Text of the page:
Courtesy of a new report from Lender Process Services (LPS), the delinquency markets have yielded several batches of data this week, with some good, some bad, and some suggesting we still have a long way to go.
The good news was that mortgage delinquencies continued their declines in October, falling by roughly 200,000 from September and nearly 30 percent from the Jan. 2010 peak. Despite falling home values, more homeowners are paying their mortgages on time, and less homes are entering the delinquency process.
Though less homes are veering on foreclosure, the foreclosure inventories are at their greatest levels yet at 4.29 percent of all active mortgages, and further complicating matters is the average amount of time that delinquent loans are in foreclosure rose once again to 631 days.
Calculated Risk spotlighted some more scary data: 2.33 million loans are delinquent, 1.76 million are seriously delinquent, and 2.21 million are in the foreclosure process, which, again, now takes more than 20 months to complete.
As LPS noted in its report, how states deal with foreclosures has a big impact on the length of the process.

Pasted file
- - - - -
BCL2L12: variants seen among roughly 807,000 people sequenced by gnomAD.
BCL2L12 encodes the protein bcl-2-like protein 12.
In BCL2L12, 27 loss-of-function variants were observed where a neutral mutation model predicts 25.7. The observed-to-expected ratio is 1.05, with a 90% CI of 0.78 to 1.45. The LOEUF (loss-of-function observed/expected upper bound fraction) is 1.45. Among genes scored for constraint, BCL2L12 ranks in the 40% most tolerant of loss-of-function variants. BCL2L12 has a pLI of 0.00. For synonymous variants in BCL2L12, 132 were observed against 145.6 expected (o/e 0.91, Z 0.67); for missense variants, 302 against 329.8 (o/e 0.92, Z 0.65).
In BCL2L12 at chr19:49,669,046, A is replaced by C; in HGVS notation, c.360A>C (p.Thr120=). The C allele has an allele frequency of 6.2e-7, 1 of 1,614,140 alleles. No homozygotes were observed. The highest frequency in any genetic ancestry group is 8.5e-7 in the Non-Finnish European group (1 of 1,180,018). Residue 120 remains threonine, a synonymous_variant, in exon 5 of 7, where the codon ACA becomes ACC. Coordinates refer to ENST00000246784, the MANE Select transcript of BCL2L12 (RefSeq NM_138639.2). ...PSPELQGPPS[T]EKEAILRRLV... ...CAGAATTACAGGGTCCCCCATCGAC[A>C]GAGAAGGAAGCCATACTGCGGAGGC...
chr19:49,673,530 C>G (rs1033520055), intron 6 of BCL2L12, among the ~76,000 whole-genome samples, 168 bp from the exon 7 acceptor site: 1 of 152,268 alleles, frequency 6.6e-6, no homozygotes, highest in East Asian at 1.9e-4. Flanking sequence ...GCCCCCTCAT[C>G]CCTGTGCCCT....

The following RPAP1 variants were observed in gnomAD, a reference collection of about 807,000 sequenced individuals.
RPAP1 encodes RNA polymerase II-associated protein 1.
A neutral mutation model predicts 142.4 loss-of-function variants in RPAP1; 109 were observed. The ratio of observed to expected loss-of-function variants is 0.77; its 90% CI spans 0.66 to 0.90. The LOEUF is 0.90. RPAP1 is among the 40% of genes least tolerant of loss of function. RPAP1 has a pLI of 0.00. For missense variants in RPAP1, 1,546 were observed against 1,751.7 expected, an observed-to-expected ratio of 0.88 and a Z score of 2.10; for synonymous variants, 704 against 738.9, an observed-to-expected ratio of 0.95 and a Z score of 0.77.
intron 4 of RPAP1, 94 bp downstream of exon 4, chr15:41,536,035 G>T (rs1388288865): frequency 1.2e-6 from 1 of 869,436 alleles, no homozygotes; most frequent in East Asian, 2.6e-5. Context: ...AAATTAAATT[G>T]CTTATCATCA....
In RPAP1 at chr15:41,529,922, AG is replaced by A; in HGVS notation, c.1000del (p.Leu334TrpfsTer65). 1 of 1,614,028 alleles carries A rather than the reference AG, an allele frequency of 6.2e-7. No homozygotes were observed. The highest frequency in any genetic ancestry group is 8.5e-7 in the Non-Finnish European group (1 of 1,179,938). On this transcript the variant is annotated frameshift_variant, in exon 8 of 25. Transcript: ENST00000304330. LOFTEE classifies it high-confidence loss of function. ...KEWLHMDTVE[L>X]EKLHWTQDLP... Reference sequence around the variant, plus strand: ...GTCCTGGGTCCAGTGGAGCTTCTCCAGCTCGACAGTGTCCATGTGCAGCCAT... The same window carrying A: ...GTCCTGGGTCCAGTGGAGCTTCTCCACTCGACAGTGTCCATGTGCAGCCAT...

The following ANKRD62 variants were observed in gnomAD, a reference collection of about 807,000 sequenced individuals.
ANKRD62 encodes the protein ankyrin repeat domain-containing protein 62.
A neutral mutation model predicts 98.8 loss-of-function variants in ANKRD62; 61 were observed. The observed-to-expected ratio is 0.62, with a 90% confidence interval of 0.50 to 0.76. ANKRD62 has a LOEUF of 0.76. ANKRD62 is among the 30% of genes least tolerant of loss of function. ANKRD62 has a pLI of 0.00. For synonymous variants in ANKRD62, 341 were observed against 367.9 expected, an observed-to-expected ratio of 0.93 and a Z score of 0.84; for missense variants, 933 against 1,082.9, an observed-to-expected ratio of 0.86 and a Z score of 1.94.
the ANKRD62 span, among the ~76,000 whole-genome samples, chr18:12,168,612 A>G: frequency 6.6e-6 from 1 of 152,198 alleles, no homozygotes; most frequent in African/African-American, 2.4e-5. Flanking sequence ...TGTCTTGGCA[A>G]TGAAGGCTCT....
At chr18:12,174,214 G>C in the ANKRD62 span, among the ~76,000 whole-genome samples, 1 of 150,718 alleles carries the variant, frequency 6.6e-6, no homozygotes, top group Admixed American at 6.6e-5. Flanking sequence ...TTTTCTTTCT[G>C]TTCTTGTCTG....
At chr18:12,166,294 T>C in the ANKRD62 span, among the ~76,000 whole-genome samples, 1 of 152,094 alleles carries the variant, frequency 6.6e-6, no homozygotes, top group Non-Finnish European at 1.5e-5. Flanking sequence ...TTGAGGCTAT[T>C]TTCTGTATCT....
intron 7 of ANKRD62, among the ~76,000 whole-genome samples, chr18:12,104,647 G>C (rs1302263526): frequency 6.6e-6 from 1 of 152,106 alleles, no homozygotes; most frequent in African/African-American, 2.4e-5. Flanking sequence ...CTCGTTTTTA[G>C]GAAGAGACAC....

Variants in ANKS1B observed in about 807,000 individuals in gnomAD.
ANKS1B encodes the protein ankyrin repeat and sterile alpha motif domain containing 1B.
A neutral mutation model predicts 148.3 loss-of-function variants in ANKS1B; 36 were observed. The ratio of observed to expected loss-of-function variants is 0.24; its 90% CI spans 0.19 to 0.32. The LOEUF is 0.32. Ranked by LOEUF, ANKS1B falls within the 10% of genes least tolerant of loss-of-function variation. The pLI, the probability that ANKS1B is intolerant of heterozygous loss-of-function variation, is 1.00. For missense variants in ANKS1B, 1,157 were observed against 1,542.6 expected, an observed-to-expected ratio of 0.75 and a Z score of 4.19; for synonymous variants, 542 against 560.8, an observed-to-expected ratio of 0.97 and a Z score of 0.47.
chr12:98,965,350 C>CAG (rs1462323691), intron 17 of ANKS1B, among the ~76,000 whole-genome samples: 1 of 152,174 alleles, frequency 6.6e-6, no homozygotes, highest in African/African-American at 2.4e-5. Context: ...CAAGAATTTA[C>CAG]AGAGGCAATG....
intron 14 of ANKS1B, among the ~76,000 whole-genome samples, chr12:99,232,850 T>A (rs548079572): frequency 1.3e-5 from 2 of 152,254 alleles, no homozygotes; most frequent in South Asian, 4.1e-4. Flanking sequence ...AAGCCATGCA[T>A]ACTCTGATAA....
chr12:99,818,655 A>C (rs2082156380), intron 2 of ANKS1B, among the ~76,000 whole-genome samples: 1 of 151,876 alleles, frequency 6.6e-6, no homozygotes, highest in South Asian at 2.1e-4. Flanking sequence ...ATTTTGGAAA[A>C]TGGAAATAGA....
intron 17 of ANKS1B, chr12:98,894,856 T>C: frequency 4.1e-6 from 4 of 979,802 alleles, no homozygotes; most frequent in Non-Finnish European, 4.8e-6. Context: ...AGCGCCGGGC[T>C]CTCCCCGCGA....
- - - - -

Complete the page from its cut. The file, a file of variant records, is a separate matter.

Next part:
“Judicial vs. nonjudicial foreclosure processes remain a significant factor in the reduction of foreclosure pipelines from state to state, with nonjudicial foreclosure inventory percentages less than half that of judicial states,” LPS stated. “This is largely a result of the fact that foreclosure sale rates in nonjudicial states have been proceeding at four to five times that of judicial.”
Not all of LPS’ data was negative, though. As HousingWire spotlights, mortgage originations have reached levels not seen since mid-2010 (the height of the homebuyer tax credit craze), and mortgage prepayments also rose. The government, though, remains the nation’s home lender to a disproportionate degree, and still guarantees nearly nine out of 10 new mortgages.